How Many Arks?
In discussing the description of the Ark, we must consider the Jewish opinion that two Arks existed to house separate sacred items, in particular, the two different sets of stone tablets upon which the Ten Commandments were written. Michael ben Chaim, a publisher of academic books on Egyptian and Near Eastern archaeology and history, argues that God commanded Israel to build two Arks: “The Torah therefore is absolutely clear. There were two arks, two sets of stones [tablets] and in accordance with G-D’s orders, the broken stones which G-D gave, were placed in the Golden ark and the stones which Moses cut were placed in the wooden ark.” This tradition is based on the statement in Deuteronomy 10:1-3 that Moses was commanded to make “an ark of wood for yourself.” Rashi, the medieval Jewish commentator, stated his opinion based on this passage: “This is not the Ark that Bezalel made [the golden Ark], for see now, they did not deal with [the construction of ] the Tabernacle until after Yom Kippur [when the Ark was necessary for the atonement ritual], for upon [Moses’] descent from the mountain he commanded [Israel] about the work of [the construction of ] the Tabernacle, and Bezalel made the Tabernacle first and only afterwards [did he make] an Ark and [the] furnishings [of the Tabernacle]. It is [thus] found [that] this was a different Ark. This is the one that would go out with them to battle. That one which Bezalel made did not go out to battle, except in the days of Eli, and they were punished because of it, and it was captured.” Therefore, according to rabbinic tradition, the golden Ark of Bezalel remained in the Holy of Holies while the wooden ark of Moses was taken out to the battlefield.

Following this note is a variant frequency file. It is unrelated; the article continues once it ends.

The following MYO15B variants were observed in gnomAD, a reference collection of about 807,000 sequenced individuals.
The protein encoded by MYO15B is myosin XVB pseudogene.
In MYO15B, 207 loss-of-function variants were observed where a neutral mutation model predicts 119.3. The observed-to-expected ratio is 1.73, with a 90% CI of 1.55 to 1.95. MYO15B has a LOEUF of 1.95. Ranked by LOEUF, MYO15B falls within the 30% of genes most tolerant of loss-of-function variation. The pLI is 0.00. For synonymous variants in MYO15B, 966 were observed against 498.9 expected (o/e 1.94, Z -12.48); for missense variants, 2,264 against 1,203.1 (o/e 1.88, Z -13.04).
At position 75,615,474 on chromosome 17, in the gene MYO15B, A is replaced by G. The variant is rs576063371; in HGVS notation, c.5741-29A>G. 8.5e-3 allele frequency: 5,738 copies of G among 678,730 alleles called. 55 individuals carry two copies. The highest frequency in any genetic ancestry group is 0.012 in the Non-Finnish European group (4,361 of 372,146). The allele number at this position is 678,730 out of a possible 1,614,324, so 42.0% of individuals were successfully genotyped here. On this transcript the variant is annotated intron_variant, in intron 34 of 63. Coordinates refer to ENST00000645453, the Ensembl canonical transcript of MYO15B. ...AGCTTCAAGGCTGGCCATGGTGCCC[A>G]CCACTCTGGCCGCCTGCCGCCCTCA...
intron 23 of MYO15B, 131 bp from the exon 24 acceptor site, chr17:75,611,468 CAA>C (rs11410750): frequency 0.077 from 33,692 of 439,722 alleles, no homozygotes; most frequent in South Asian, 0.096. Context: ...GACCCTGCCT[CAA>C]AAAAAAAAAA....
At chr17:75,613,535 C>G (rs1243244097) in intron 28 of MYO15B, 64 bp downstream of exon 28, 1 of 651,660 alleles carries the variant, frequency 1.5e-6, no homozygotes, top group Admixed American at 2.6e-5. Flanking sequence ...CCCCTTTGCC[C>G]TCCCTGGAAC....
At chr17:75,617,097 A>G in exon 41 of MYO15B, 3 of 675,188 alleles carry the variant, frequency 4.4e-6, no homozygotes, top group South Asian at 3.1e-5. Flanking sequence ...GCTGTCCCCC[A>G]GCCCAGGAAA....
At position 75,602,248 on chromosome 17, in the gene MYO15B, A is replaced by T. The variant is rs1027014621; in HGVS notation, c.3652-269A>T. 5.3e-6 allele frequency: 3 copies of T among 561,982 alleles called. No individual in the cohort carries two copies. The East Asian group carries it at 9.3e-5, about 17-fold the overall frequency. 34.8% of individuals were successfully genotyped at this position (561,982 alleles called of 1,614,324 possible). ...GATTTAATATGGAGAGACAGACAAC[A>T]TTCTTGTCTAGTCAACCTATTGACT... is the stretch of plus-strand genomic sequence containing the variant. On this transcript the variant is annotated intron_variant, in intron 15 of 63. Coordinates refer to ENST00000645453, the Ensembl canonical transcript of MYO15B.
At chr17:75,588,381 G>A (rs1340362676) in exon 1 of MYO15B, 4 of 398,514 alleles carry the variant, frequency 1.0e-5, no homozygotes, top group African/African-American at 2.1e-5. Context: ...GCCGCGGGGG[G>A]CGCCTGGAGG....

One wonders, if this were the case, why the broken tablets were protected within the Ark at the Tabernacle or Temple while the unbroken tablets were taken out in the field where they were subject to capture. Moreover, where was the wooden ark housed? Certainly within the sanctuary, but then why is only one Ark ever mentioned in the biblical text? The lack of a cover on the wooden ark might explain the ease with which the men of Beth-shemesh later looked into the Ark (1 Samuel 6:19), but looking into an already open Ark should not have carried such a severe penalty.